Betty, age 70, was diagnosed with metastatic colon cancer and started treatment with FOLFOX. Her medical oncologist changed the treatment to capcitabine after Betty developed grade 3 peripheral neuropathy. Because of disease progression, bevacizumab was added to her treatment plan. She lives with her daughter, is insured by Medicare, and receives $800 per month from Social Security.
Oncology nurses know the challenges of patient adherence to oral cancer therapies. Every dose a patient misses can affect their outcomes and chance of survival. But in clinical trials, oral adherence has even broader implications: when a study is evaluating the efficacy of a drug, it depends on study participants taking it exactly as the trial outlines.
Despite groundbreaking treatments, novel medications, fast-tracked drug approvals, and cutting-edge science, a terminal diagnosis is still a reality for many patients with cancer. Having end-of-life discussions with patients and their family members is a difficult part of oncology nursing, but it’s necessary to provide the highest quality of care and education possible. With more news reports emerging about states introducing—and passing—medical aid in dying legislation, oncology nurses will face questions about the process from patients and caregivers.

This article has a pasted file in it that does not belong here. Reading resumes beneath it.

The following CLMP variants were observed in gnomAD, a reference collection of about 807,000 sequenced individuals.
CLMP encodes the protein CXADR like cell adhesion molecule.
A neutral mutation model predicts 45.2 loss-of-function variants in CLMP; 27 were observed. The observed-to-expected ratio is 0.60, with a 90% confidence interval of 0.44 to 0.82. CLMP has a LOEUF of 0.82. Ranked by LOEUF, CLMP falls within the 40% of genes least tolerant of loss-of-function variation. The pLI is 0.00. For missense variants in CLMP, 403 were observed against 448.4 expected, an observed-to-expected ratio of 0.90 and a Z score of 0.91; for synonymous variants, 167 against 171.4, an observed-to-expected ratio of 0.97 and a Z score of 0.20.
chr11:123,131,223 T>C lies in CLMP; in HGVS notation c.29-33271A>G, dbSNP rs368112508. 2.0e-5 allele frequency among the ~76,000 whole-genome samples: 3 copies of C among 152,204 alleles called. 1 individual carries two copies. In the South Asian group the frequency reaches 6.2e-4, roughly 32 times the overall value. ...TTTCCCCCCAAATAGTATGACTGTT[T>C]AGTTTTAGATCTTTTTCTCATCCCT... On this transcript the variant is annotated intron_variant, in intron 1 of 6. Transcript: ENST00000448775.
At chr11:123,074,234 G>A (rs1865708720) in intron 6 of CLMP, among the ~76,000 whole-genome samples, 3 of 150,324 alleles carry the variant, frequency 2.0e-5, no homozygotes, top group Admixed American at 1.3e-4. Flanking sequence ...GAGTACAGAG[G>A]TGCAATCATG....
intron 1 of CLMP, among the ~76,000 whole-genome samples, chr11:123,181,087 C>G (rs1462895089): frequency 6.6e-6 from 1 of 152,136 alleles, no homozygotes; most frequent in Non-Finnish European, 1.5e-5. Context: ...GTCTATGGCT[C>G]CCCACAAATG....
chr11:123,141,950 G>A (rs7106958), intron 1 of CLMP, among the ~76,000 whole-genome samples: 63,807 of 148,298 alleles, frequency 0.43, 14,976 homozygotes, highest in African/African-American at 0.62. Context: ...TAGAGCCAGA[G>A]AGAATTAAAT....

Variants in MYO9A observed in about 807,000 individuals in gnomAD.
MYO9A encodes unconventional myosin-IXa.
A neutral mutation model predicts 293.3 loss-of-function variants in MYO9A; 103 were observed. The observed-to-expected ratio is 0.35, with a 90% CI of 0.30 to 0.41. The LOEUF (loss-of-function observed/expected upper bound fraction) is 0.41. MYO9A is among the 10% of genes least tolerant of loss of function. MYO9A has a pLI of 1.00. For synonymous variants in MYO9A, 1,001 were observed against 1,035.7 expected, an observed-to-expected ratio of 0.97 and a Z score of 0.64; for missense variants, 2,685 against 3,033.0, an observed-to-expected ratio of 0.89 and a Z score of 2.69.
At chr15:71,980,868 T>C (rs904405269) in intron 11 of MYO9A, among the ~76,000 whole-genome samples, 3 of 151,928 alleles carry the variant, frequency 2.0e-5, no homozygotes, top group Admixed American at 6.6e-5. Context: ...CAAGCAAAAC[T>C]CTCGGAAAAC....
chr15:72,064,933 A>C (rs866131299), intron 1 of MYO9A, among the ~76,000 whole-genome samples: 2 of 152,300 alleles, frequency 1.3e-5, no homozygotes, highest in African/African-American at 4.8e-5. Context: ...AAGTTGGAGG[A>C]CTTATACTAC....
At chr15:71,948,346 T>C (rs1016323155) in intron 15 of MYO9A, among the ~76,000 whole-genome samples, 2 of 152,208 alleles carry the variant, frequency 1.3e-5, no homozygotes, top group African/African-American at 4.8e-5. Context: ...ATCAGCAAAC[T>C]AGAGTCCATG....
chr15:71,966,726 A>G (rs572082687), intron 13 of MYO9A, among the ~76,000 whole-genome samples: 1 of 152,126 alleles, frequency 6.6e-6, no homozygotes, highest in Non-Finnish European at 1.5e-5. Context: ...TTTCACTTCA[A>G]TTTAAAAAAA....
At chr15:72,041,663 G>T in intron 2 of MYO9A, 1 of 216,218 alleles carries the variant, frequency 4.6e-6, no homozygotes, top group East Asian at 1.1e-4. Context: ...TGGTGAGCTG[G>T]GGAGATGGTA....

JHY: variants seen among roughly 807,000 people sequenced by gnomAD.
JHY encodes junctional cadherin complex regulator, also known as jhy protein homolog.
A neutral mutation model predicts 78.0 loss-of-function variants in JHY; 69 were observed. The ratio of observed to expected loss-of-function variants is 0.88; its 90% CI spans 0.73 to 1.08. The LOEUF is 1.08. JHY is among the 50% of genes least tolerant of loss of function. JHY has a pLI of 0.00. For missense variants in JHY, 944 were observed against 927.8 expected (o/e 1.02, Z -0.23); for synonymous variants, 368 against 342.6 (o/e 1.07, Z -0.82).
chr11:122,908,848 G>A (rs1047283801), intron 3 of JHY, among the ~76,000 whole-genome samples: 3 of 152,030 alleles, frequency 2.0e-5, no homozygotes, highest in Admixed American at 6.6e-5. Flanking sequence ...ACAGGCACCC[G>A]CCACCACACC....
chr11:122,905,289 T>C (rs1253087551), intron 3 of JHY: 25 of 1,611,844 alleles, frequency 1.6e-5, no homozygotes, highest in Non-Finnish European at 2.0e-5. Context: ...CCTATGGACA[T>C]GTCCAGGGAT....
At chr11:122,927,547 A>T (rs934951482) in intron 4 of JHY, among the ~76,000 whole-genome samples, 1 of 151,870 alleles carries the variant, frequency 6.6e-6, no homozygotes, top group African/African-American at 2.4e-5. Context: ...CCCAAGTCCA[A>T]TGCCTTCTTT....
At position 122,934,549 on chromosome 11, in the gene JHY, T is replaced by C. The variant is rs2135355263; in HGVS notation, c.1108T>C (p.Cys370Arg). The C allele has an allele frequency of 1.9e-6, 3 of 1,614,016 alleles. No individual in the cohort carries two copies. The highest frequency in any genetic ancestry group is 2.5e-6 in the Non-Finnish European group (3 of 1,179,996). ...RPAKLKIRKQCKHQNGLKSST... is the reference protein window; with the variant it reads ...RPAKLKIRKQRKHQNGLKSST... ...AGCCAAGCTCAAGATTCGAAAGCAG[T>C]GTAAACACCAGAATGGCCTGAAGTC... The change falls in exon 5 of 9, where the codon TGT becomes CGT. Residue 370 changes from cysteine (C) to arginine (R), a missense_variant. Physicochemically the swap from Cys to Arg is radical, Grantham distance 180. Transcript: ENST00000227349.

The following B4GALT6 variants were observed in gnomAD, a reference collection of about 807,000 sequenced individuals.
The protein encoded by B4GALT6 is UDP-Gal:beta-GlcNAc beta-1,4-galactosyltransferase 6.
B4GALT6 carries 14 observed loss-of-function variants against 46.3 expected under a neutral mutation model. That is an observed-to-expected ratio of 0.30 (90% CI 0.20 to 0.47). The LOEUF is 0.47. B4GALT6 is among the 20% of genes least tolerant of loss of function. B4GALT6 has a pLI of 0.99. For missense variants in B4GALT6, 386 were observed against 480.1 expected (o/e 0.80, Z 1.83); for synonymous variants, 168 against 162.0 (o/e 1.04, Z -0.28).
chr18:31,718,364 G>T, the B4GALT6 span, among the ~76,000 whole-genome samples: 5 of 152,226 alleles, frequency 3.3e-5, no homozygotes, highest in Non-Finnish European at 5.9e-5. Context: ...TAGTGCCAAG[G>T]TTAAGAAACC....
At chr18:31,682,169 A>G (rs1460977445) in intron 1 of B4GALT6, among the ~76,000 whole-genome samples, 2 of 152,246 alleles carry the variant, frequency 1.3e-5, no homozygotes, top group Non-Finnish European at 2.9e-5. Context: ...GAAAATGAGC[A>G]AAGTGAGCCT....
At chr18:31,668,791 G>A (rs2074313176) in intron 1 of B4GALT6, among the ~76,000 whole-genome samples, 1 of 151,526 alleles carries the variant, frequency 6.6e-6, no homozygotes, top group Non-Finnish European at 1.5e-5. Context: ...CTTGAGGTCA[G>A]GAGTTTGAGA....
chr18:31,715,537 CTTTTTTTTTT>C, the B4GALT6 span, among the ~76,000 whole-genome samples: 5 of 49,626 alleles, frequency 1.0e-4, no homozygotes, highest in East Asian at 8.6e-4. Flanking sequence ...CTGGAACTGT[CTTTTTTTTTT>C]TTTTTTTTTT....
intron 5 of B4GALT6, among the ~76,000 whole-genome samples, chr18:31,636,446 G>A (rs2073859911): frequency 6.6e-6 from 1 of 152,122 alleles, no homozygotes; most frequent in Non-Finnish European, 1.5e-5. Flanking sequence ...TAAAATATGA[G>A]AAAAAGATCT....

Mrs. Jones is a 66-year-old postmenopausal woman who developed left breast pain and a palpable mass. A mammogram and ultrasound showed a 4.6 cm mass with an enlarged axillary node. A core biopsy revealed invasive ductal carcinoma that is estrogen receptor positive, progesterone receptor positive, and HER2 negative. Positron-emission tomography and computed tomography scans revealed metastatic disease.
Animal-facilitated therapy (AFT) programs have been shown to promote a healing environment and reduce certain psychological symptoms for patients with a variety of diagnoses, including cancer. Its use was even recommended by the founder of modern nursing, Florence Nightingale, who wrote about the benefits of animals in patient care and recovery: “a pet is often an excellent companion for the sick, for long chronic cases especially.”